> the East India Company". This isn't the only aspect of British history which
> is being repeated in Andhra Pradesh. There's something uncanny about the way
> in which the scandals that surrounded Tony Blair during his first term in
> office are recurring there. Bernie Ecclestone, the Formula 1 boss who gave
> Labour pounds1 million and later received an exemption from the ban on
> tobacco advertising, was negotiating with Naidu to bring his sport to
> Hyderabad. I have been shown the leaked minutes of a state cabinet meeting on
> January 10th this year.
> 
> (13) McKinsey, they reveal, instructed the cabinet that Hyderabad should be a
> "world class futuristic city with Formula 1 as a core component." To make it
> viable, however, there would be a "state support requirement of Rs400-600
> crs"(4 billion to 6 billion rupees).
> 
> (14) This means a state subsidy for Formula 1 of pounds50million to pounds75m
> a year. It is worth noting that thousands of people in Andhra Pradesh now die
> of malnutrition-related diseases because Naidu had previously cut the subsidy
> for food. Then the minutes become even more interesting. Ecclestone's Formula
> 1, they note, should be exempted from the Indian ban on tobacco advertising.
> Mr Naidu had already "addressed the PM as well as the Health Minister in this
> regard" and was hoping to enact "state legislation creating an exemption to
> the Act". 
> 
> (15) The Hinduja brothers, the businessmen facing criminal charges in India
> who were given British passports after Peter Mandelson intervened on their
> behalf, have also been sniffing round Vision 2020. Another set of leaked
> minutes I have obtained shows that in 1999 their representatives held a
> secret meeting in London with the Indian attorney-general and the British
> government's export credit guarantee department, to help them obtain the
> backing required to build a power station under Naidu's privatisation
> programme.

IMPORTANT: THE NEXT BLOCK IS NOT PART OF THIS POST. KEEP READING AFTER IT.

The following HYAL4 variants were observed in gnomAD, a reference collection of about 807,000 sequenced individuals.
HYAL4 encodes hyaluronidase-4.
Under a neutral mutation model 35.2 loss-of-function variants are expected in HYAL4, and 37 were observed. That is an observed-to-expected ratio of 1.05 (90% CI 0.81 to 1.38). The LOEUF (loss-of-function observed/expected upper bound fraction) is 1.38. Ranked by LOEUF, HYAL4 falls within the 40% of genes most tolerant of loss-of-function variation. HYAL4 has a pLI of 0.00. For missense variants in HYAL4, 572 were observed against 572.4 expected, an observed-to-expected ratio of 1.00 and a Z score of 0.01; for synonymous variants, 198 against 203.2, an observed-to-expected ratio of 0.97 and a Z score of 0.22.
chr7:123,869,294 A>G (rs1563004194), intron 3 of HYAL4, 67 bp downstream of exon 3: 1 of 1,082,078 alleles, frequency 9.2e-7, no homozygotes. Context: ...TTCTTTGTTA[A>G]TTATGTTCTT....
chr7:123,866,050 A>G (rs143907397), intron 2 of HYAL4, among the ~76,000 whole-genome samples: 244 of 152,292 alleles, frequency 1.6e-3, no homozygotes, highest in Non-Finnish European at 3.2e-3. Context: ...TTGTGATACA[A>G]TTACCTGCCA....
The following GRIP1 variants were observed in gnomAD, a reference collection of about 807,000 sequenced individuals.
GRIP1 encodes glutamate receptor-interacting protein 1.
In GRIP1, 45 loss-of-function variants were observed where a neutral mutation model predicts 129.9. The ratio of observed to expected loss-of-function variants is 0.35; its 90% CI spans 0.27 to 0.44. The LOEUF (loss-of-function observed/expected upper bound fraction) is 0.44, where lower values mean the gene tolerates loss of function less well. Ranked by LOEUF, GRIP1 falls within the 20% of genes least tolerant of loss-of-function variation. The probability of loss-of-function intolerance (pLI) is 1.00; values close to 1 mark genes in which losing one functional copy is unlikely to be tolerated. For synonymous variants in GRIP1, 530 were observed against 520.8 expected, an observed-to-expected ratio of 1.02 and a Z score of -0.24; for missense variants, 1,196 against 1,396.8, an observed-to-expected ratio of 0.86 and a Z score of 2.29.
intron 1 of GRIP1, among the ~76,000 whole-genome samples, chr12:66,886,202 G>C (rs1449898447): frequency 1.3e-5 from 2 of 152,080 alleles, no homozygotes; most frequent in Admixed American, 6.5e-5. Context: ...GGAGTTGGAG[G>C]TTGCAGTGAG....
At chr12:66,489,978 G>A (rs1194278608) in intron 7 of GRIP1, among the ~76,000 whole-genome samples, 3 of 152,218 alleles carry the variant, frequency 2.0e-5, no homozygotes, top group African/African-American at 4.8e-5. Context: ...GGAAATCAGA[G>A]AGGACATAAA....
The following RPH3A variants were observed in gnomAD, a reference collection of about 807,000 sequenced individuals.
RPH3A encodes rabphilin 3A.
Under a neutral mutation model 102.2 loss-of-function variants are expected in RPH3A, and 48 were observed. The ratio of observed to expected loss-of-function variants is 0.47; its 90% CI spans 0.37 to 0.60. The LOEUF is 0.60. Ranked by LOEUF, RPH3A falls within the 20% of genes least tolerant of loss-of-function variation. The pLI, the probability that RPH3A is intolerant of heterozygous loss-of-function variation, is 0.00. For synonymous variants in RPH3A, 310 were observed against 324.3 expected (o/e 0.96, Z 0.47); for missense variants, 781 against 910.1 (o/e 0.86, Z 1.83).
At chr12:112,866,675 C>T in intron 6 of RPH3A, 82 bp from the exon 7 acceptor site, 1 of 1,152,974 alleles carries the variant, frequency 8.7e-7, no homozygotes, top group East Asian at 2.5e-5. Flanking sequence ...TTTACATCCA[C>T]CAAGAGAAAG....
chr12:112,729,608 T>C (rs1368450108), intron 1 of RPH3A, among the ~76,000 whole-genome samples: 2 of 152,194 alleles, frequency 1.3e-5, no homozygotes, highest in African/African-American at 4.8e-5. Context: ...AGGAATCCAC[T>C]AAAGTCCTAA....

> 
> (16) When the attorney-general began lobbying the Indian government on their
> behalf, this caused yet another Hinduja scandal. The results of the programme
> we (the British) have been funding are plain to see. During the hungry
> season, hundreds of thousands of people in Andhra Pradesh are now kept alive
> on gruel supplied by charities.
> 
> (17) Last year hundreds of children died in an encephalitis outbreak because
> of the shortage of state-run hospitals.
> 
> (18) The state government's own figures suggest that 77% of the population
> has fallen below the poverty line.
> 
> (19) The measurement criteria are not consistent, but this appears to be a
> massive rise. In 1993 there was one bus a week taking migrant workers from a
> depot in Andhra Pradesh to Mumbai. Today there are 34. 
> 
> (20) The dispossessed must reduce themselves to the transplanted coolies of
> Blair's new empire. Luckily, democracy still functions in India. In 1999,
> Naidu's party won 29 seats, leaving Congress with five. Last week those
> results were precisely reversed. We can't yet vote Tony Blair out of office
> in Britain, but in Andhra Pradesh they have done the job on our behalf.
>
>
> www.monbiot.com
> 
> References:
> 
> 1. Vision 2020
> 2. Vision 2020, Page 96.
> 3. Vision 2020, page 42.
> 4. Vision 2020, page 195.
> 5. Vision 2020, page 170. This is worded as follows: "However, agriculture's 
> share of employment will actually reduce, from the current 70 per cent [of 
> the population of 76 million] to 40-45 per cent". 
> 6. Vision 2020, page 158. 
> 7. Vision 2020, page 333. 
> 8. The figures have been tabulated by Tom Huppi in the document Chile: the 
> Laboratory Test, which can be found here. 
> 9. Clare Short, 20th July 2001. Parliamentary answer to Alan Simpson MP.
> Hansard Column 475W. 
> 10. The full list can be read here. 
> 11. Government of Andhra Pradesh, ?2002. Strategy Paper on Public Sector
> Reform and Privatisation of State Owned Enterprises.
> 12. Department of Trade and Industry, 6th January 2000. Byers to Help UK
> SMEs Foster Export Links with India. Press release. 
> 13. Government of Andhra Pradesh. Minutes of Cabinet sub-committee
> meeting on 10th January 2004. 
> 14. ibid. 
> 15. ibid. 
> 16. Clifford Chance solicitors, 3rd June 1999. Vizag - Meeting with the
> Attorney-General. Fax transmission. 
> 17. Eg P. Sainath, 15th June 2003. The politics of free lunches. The
> Hindu. 
> 18. Eg K.G. Kannabiran and K. Balagopal, 14th December 2003. Governance
> & Police impunity in Andhra Pradesh: World Bank urged not to make loan.
> Peoples' Union for Civil Liberties and Human Rights Forum, Andhra
> Pradesh. 
> 19. Government of Andhra Pradesh. Draft Report of the Rural Poverty
> Reduction Task Force. Cited in D. Bandyopadhyay, March 17th 2001. Andhra
> Pradesh: Looking Beyond Vision 2020. Economic and Political Weekly. 
> 20. P Sainath, June 2003. The Bus to Mumbai.
>
> =====
> ________________
> satish jha
> www.dpindia.org
> www.jamesmartin.co.in
> c: 202 368 2688
> c-in: 98913 79191
 <...> 		
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=====
ben moretti
e: benmoretti {AT} yahoo.com.au
w: http://www.geocities.com/benmoretti
t: +61 0438 822 196